What Mr “Know it All” Doesn’t Know

Feb 10, 2015 | Erik Raymond

I recently asked one of our younger children to do a job that required some detailed clean-up. In the course of explaining the job as well as the steps to complete the job, I was interrupted. “I know. Dad, I know.” Everything I said was punctuated with “I know.” It was like a Baptist church hitting you with Amen’s after everything. Then I let them do it. It was a disaster. Things didn’t get put away, they actually got misplaced. Instead of the table being cleaned the floor became messy. Upon coming back to check on the situation I asked, “What happened here?” The answer, not surprisingly, “I don’t know how to do that.”

In the church we have a lot of impediments to growth in godliness. We live in a sinful world, have imperfect preachers, have trials and tribulations, and a relentless enemy who endeavors to be the stick in our spokes at every turn. But there is one great impediment to growth, this is the impediment of thinking that we already know everything. Let’s call this person “Mr Know-it-All”.

Mr Know-it-All does not really think that they have to learn anything. They are already there. They are, in effect, unteachable.


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Book Review- The Gospel Focus of Charles Spurgeon

Feb 08, 2015 | Erik Raymond

Whenever I hear that someone has written something on or given a lecture concerning Charles Spurgeon, I am drawn in. I feel like I am familiar with the stories and most of his work but yet, I can never get enough. I just want to “hear it again.” So, naturally, I was drawn in with this book from Steve Lawson’s A Long Line of Godly Men series.

The book is more theological and philosophical than biographical. Lawson labors to highlight Spurgeon’s theological convictions that shaped his ministry. He does provide some biographical detail, however, the focus is upon what Spurgeon believed and how he applied it.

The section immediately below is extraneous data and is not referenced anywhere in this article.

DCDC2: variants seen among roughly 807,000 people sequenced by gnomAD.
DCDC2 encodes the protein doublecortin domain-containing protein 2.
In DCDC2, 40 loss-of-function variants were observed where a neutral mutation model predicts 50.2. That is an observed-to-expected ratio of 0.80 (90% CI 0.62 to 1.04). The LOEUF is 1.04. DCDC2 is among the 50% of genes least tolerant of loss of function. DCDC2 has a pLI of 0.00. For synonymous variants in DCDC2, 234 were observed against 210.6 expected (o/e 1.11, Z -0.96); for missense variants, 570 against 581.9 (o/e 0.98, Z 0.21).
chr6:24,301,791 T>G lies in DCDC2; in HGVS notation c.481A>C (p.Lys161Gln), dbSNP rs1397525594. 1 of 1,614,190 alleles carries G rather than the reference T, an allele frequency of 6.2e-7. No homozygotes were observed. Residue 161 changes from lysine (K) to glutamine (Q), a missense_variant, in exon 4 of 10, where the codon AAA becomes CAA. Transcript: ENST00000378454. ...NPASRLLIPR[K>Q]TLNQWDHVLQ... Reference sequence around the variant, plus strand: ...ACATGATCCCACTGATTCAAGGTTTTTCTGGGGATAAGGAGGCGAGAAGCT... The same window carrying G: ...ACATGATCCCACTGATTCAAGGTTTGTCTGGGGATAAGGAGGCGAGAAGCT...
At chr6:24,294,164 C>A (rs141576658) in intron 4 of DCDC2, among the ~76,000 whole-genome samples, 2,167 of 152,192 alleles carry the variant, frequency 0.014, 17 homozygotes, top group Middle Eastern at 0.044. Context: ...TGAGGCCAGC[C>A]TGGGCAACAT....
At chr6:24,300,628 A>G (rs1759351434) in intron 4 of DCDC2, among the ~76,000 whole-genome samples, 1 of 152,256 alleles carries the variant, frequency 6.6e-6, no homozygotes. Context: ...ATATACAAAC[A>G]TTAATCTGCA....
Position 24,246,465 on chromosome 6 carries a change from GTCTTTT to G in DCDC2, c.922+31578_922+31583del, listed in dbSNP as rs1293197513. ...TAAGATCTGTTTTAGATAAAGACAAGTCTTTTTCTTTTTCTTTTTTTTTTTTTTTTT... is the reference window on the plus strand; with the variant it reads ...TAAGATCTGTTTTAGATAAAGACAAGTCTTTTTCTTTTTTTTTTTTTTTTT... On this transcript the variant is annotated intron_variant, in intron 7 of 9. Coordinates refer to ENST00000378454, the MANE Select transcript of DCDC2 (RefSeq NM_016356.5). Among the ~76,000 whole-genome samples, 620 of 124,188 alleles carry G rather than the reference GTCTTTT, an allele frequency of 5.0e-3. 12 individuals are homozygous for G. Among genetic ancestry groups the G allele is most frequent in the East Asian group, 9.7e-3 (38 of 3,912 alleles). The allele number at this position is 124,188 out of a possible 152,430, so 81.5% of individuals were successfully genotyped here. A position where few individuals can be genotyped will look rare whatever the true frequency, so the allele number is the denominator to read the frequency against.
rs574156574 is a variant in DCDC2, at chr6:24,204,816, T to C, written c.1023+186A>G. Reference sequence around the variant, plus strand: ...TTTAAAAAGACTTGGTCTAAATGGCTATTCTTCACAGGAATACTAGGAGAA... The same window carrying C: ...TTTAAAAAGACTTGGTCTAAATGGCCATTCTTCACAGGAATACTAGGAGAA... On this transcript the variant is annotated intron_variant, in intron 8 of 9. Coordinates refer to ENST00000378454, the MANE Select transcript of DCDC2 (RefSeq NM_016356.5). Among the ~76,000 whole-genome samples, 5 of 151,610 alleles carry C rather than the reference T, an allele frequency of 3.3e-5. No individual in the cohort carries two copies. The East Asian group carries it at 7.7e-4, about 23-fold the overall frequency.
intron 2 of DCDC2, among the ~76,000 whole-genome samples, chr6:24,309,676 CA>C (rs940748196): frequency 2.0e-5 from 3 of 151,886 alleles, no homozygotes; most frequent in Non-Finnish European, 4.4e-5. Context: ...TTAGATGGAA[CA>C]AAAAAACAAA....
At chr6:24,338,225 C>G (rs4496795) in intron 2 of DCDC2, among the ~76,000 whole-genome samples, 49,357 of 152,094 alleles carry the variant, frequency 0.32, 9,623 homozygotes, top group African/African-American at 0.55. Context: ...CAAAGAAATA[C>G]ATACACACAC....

As you might expect there are quotes abounding in this book. Every sermon and book dripped gospel and was a like neon sign pointing to Christ.

The book is also a compelling call to action, specifically to those who share Spurgeon’s theology (Calvinism). Do you believe in a big God who saves a great multitude from the nations? Then get to work in missions. Do you believe that the preaching of the gospel saves people? Then preach. Do you believe a sovereign God hears and answers prayer? Then pray. Do you believe that you are helpless apart from the Holy Spirit? Then pray and rely upon God.

Let me give you a couple more practical uses for this book. First, it is arranged by topic so you can easily keep this for reference if you need a solid Spurgeon quote for a sermon. Second, there a number of references that will no doubt get some started in their new friendship with the Prince of Preachers.

Finally, I appreciated how Lawson was transparent about the impact Spurgeon had on him as a young seminarian. Some may quibble about the book being such an overt assertion of Calvinistic doctrine, but that is the Spurgeon that Lawson found. In many ways this Spurgeon shaped Dr Lawson. I appreciated this window into his ministry as well.

It’s a good book that keeps on moving. It’s also a quick read. Realizing it is beyond the scope of this project, I would still like to see Lawson expand this out a bit further someday. It is a very encouraging read.

The Gospel Focus of Charles Spurgeon is available at Amazon at a discounted rate: by clicking here.

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A Spirit-Led Life is a Sin-Killing Life